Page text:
It’s hard to believe that it’s been 10 years since my co-worker Brad asked me a seemingly innocent question, “Would you like to come help me at the haunted house this weekend?” It was the Oshkosh Jaycees haunted house, and two nights spent there were the start of a journey I could never have imagined.
So I went to this haunted house and met a ton of fun people. I had a great time. I scared the crap out of people. I laughed. I made friends (whom I still talk to to this day). Brad invited me to their membership meeting the next month and I went, but wasn’t too excited. Agendas? Budgets? Elections? What was this? Where was the fun?
The next summer, Brad asked me to help out with the haunted house again, but this time he wanted to know if I wanted to help design and build it. YES. So I did. We started the last weekend of August and worked through October. I even sat through a couple more of those meetings. As I spent hours every week next to Jaycees, learning about what they did, who they were, and why they joined, I realized this could be really good for me. I didn’t have a lot of friends since I left the punk life and got my act together. These people seemed to really have their shit together. So I scraped the money together to pay my dues and in November 2003 I joined the Jaycees.
I found out they did a lot more than build and run a haunted house. They visited a low-income elementary school with Santa and handed out cookies. They played Ice Golf in February. They had a beer festival every July. They got together on weekends to grill out and have beers. They raised $10,000 to add a sand play area to the local community pool. They helped each other get jobs.
I started helping. Sure, I can be on the committee for the haunted house. And the Easter Egg Hunt. I volunteered at Brews n’ Blues. Then I made a big step: I ran for the Board of Directors. I had never been involved in anything like this. I wasn’t the girl that was on student council in high school, or involved in any other civic groups. I didn’t know how to read a balance sheet or why we had to take minutes. All I knew was that this group was making a difference in the lives of people in the community, for the better, and I wanted to be part of it.
I caught on. I learned about agendas and minutes and motions and seconds and approvals. I learned how to read a balance sheet, and write a budget.
As time went on, my involvement increased. I went from just being a board member to Membership Vice President, then President, then Secretary. I chaired the haunted house, the Easter Egg Hunt, and the Children’s Day Parade. I started a school supplies drive for our local elementary school, then a hats and mittens drive for them the following year. I started a brand new event, Oshquerade. I won Project of the Year twice, and Jaycee of the Year twice.
I learned leadership skills. I learned what it means to mentor people. I met success, and I faced failure. Project management and budgeting have been invaluable at work. I could never, ever have run my first SQL Saturday in Madison without the knowledge of budgeting and chairing an event. I have the confidence to share ideas with peers, and have them accepted – or rejected. I am not afraid to try new things.
And I made life-long friends. Some of my Jaycees are more like family, brothers and sisters, than just friends. I can’t even put this into words.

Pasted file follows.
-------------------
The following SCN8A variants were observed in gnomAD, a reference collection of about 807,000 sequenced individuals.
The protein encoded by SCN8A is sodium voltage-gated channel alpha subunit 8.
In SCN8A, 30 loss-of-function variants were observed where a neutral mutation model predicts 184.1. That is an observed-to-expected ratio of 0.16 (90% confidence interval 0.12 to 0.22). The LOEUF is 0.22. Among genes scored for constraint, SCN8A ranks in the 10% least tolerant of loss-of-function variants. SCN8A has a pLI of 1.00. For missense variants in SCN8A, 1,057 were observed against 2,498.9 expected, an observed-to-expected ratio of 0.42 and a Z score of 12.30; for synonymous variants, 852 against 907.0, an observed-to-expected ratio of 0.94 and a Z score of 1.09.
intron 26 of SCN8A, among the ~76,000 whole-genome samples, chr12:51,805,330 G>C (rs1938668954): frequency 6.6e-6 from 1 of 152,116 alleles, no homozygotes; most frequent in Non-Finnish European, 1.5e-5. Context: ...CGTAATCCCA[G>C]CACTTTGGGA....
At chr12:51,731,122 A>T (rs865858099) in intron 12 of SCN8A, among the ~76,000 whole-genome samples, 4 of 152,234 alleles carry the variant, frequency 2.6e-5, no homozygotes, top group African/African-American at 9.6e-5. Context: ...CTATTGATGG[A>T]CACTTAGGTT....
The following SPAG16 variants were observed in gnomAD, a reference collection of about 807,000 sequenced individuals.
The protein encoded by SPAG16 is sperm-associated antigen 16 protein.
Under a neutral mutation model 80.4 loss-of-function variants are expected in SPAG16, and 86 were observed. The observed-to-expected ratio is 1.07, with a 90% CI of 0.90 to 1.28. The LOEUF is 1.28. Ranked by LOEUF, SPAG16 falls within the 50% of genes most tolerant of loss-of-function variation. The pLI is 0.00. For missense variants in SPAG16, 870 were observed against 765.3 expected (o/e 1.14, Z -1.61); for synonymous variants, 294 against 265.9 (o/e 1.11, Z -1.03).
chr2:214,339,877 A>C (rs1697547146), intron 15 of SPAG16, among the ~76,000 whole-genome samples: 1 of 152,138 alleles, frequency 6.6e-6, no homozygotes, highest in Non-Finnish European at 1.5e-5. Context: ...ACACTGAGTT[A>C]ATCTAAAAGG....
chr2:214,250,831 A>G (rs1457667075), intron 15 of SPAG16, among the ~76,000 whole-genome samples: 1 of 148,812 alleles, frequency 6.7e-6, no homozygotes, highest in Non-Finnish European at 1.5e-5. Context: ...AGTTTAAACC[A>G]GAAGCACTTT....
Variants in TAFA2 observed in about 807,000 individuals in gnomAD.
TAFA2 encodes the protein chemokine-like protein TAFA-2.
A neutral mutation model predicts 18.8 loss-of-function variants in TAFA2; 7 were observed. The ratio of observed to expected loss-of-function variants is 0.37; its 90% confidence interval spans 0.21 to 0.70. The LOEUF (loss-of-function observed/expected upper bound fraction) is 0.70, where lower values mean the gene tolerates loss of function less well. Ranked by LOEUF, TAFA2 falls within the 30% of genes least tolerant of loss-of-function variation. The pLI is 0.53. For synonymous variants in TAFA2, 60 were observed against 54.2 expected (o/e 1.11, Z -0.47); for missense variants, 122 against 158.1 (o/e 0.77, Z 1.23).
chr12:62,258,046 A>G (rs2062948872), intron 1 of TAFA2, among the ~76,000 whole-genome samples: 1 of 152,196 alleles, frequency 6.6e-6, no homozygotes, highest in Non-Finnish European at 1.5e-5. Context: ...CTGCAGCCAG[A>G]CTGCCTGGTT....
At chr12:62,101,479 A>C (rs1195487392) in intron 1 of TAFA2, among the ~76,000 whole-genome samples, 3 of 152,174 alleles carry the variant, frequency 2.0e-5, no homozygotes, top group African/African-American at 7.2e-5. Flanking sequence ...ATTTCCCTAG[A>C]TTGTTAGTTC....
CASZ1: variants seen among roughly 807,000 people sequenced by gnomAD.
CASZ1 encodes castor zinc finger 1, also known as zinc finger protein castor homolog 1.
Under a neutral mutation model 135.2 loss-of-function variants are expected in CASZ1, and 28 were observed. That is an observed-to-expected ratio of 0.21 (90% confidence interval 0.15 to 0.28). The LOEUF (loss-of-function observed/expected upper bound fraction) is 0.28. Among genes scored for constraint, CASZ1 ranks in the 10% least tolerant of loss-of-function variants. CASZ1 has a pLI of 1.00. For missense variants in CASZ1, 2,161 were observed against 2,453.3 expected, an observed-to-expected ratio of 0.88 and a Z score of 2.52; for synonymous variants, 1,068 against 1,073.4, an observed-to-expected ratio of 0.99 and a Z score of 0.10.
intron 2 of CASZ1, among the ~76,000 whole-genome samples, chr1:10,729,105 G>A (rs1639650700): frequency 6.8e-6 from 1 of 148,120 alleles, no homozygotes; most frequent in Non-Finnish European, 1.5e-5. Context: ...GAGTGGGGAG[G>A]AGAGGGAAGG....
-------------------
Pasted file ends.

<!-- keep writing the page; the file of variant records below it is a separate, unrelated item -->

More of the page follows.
There are millions of memories. Traveling to other haunted houses with JB and Nicki. Dan peeing under the bridge at Ice Golf and falling through the ice. A Brews n’ Blues so hot we all thought we were going to die. Scaring people senseless in the haunted house and haunted woods. Celebrating birthdays, weddings, babies, and new jobs. Having lunch with German Jaycees who were visiting our state on our exchange program. Working the VIP tent with Jay. Stef as the Easter Bunny. The year the Easter Bunny almost didn’t win the race and Kate had to clothesline MacGruff so the bunny did.
But two stories stick with me the most:
At the Children’s Day Parade each year, we raffle bikes. After the raffle, a woman walked up to me, in tears, and hugged me. She explained that her 12-year-old daughter had outgrown her bike that summer, but because she was a single mom, she couldn’t afford a new one for her. The girl had won a bike. She was grinning ear-to-ear. This reminded me that what I was doing really affected people. It really helped them.
For seven years, I’ve collected school supplies for a local, low-income elementary school. I deliver them the week before school starts, and the principal and secretary distribute them as needed. Two years ago, the principal emailed me a few days later to thank me. A refugee family had just moved to Oshkosh and was attending the school. They had no supplies and no money for them, but thanks to us, the four kids were set for the year. Again, I was reminded that I can help people, even in a small way.
I don’t tweet or blog about the Jaycees a lot. I don’t know why. Perhaps it’s because I’ve been doing that far longer than I’ve been doing this, and I assume everyone knows about it. But sitting at the Jaycee meeting on Tuesday night, talking about the annual school supplies drive, I wanted to write it all down. So I could remember it, and share it.
What The Heck Are The Jaycees?
The Jaycees are a local, state, national, and international organization dedicated to preparing the next generation of leaders. They are young professionals who come together to learn leadership skills, network, and perform community service. Presidents, CEOs, and athletes are Jaycees. And me, little old me. If you’re between 21 and 40, I highly recommend you find a local group and join it. At the very least, support their events in your community. They do so much good.